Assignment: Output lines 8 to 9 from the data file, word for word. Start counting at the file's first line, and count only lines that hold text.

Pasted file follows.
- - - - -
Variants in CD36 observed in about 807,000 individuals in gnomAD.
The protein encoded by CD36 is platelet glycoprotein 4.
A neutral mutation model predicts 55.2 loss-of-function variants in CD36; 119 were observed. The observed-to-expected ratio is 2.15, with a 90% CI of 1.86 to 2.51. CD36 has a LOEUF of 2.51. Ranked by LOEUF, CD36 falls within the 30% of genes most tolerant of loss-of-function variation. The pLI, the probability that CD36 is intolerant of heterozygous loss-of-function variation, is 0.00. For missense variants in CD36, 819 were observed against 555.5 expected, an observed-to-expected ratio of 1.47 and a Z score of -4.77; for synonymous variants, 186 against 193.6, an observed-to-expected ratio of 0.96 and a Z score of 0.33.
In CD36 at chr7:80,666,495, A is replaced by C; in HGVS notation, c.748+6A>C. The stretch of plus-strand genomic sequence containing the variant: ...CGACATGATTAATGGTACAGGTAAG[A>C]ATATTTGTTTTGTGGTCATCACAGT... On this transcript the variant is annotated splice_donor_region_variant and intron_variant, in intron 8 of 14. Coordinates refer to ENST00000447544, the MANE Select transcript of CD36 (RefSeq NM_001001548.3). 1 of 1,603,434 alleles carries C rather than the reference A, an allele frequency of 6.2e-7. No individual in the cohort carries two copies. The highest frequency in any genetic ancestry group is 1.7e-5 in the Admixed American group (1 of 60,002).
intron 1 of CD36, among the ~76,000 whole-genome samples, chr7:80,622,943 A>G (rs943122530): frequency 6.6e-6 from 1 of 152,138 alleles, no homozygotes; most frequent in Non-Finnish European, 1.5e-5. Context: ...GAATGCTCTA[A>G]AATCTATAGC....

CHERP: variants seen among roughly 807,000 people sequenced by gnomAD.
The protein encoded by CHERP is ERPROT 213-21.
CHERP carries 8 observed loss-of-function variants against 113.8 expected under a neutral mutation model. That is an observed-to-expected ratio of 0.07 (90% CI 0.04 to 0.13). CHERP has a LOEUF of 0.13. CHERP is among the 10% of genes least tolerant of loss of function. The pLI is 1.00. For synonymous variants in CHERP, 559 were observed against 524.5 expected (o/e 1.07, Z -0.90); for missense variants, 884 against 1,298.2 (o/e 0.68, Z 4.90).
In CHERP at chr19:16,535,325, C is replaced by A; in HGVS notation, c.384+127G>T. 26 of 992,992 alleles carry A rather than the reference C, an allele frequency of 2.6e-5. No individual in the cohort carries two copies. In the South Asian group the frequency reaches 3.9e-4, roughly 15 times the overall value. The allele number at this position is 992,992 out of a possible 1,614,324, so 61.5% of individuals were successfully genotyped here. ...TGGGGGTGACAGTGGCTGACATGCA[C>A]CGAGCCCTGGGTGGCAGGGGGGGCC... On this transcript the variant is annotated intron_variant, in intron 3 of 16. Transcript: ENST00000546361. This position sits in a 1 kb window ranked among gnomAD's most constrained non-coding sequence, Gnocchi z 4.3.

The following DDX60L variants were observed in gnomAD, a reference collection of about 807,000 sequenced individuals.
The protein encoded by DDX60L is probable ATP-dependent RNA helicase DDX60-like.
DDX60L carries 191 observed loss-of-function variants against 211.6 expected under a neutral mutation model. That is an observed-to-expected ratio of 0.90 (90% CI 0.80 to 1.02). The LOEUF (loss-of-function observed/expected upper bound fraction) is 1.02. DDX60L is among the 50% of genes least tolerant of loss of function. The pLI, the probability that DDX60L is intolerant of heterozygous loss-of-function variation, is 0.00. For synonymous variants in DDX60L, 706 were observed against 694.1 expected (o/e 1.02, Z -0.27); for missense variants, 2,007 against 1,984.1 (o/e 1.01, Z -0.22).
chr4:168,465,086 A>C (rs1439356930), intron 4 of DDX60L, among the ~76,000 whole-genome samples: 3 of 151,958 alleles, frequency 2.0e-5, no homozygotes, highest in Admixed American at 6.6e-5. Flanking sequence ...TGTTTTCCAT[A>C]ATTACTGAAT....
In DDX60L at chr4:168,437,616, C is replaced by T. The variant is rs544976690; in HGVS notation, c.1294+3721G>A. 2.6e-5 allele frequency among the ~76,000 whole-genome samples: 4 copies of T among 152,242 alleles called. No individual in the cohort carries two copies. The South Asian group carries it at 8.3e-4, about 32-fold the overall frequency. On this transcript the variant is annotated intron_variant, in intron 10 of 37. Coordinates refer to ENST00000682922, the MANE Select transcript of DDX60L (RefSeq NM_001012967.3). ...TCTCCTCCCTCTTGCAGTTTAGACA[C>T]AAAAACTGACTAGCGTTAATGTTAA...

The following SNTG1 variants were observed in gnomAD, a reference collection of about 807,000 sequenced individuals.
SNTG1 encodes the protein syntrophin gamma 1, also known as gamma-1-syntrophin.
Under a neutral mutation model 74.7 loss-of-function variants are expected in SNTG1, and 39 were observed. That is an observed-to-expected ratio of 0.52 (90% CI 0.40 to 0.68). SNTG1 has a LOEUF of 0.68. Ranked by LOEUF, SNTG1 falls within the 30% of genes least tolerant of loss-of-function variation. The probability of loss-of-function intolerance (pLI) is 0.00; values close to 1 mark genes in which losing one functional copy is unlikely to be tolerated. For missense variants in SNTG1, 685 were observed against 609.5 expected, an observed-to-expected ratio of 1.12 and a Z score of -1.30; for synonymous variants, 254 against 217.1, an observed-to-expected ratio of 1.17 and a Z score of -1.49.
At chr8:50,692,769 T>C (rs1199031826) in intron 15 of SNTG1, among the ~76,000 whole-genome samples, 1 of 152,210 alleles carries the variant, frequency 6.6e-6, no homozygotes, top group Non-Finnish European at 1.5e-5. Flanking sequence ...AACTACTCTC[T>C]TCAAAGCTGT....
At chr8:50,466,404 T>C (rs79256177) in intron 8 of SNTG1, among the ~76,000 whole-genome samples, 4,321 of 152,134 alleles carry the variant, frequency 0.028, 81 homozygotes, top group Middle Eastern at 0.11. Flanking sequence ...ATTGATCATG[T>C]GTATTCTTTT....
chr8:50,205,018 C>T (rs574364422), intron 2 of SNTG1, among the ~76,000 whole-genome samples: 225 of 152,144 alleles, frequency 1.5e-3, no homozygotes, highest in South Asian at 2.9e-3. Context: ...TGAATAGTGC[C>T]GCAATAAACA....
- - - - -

CHERP carries 8 observed loss-of-function variants against 113.8 expected under a neutral mutation model. That is an observed-to-expected ratio of 0.07 (90% CI 0.04 to 0.13). CHERP has a LOEUF of 0.13. CHERP is among the 10% of genes least tolerant of loss of function. The pLI is 1.00. For synonymous variants in CHERP, 559 were observed against 524.5 expected (o/e 1.07, Z -0.90); for missense variants, 884 against 1,298.2 (o/e 0.68, Z 4.90).
In CHERP at chr19:16,535,325, C is replaced by A; in HGVS notation, c.384+127G>T. 26 of 992,992 alleles carry A rather than the reference C, an allele frequency of 2.6e-5. No individual in the cohort carries two copies. In the South Asian group the frequency reaches 3.9e-4, roughly 15 times the overall value. The allele number at this position is 992,992 out of a possible 1,614,324, so 61.5% of individuals were successfully genotyped here. ...TGGGGGTGACAGTGGCTGACATGCA[C>A]CGAGCCCTGGGTGGCAGGGGGGGCC... On this transcript the variant is annotated intron_variant, in intron 3 of 16. Transcript: ENST00000546361. This position sits in a 1 kb window ranked among gnomAD's most constrained non-coding sequence, Gnocchi z 4.3.